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Title: Determinants and dynamics of the global distribution of the savanna and forest biomes
Authors: Staver, Ann Carla
Advisors: Levin, Simon A
Hedin, Lars O
Contributors: Ecology and Evolutionary Biology Department
Keywords: biome
tree cover
Subjects: Ecology
Plant biology
Issue Date: 2012
Publisher: Princeton, NJ : Princeton University
Abstract: A critical need to predict biosphere responses to climate change has made understanding the drivers and dynamics of biome distributions a fundamental issue in modern ecology. Plant physiology provides a mechanistic basis for prediction, but the boundary between savanna and forest challenges physiological models. This thesis examines the distributions of savanna and forest and their implications for dynamics that characterize savanna systems. I take two main approaches: (i) Chapters 2 through 4 use a combination of empirical and theoretical analyses to identify factors and interactions that differentiate savanna from forest at continental scales, and (ii) Chapter 5 examines tree cover within savannas with respect to the same drivers at a finer scale. Chapter 2 presents (i) an analysis of tree cover in sub-Saharan Africa, showing that an interaction between climate and fire constrains tree cover, and (ii) a model demonstrating that the threshold response of fire spread to tree cover means that, depending on rainfall, savanna and forest may be alternative stable states. Chapter 3 expands that empirical analysis to South America and Australia, examining the relationship of tree cover with respect not only to mean annual rainfall and fire but also to rainfall seasonality and soils; discontinuities in tree cover driven by fire are apparently global in extent, depending on climatic context. Chapter 4 expands on the model from Chapter 2 to introduce a theoretical integration of rainfall and fire effects on tree cover, showing that bimodalities in tree cover at intermediate rainfall may be universal. Chapter 5 presents an analysis of variation in vegetation structure and fire patterns with relation to rainfall and soils using long-term datasets from Kruger National Park, in South Africa. Grass biomass and fire responded predictably to abiotic variability, but tree density did not, suggesting that snapshot analyses, even those based on long-term datasets, do not reflect processes that produce variability in tree cover. The last chapter synthesizes general findings to answer the question of what mechanisms give rise to the emergent stability of savanna, despite variability in vegetation structure within the biome.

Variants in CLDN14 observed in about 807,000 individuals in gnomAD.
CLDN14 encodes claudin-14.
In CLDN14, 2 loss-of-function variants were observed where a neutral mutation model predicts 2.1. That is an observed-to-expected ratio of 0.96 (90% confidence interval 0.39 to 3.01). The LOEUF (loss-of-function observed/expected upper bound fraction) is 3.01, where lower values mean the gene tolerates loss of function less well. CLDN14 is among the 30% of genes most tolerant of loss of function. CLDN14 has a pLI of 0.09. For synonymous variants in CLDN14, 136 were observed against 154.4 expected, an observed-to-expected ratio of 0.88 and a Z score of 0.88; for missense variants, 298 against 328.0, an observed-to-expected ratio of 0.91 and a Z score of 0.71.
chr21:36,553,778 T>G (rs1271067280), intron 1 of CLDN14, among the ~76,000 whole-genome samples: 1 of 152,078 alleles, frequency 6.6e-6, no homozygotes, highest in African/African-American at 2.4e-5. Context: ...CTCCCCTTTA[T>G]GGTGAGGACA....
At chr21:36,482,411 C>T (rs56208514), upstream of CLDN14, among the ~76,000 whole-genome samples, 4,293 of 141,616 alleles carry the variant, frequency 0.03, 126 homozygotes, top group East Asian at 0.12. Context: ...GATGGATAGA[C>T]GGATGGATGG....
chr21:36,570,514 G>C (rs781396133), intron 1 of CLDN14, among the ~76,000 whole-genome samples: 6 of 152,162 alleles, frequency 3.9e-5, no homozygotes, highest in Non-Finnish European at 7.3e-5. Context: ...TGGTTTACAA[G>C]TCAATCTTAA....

Alternate format: The Mudd Manuscript Library retains one bound copy of each dissertation. Search for these copies in the library's main catalog
Type of Material: Academic dissertations (Ph.D.)
Language: en
Appears in Collections:Ecology and Evolutionary Biology

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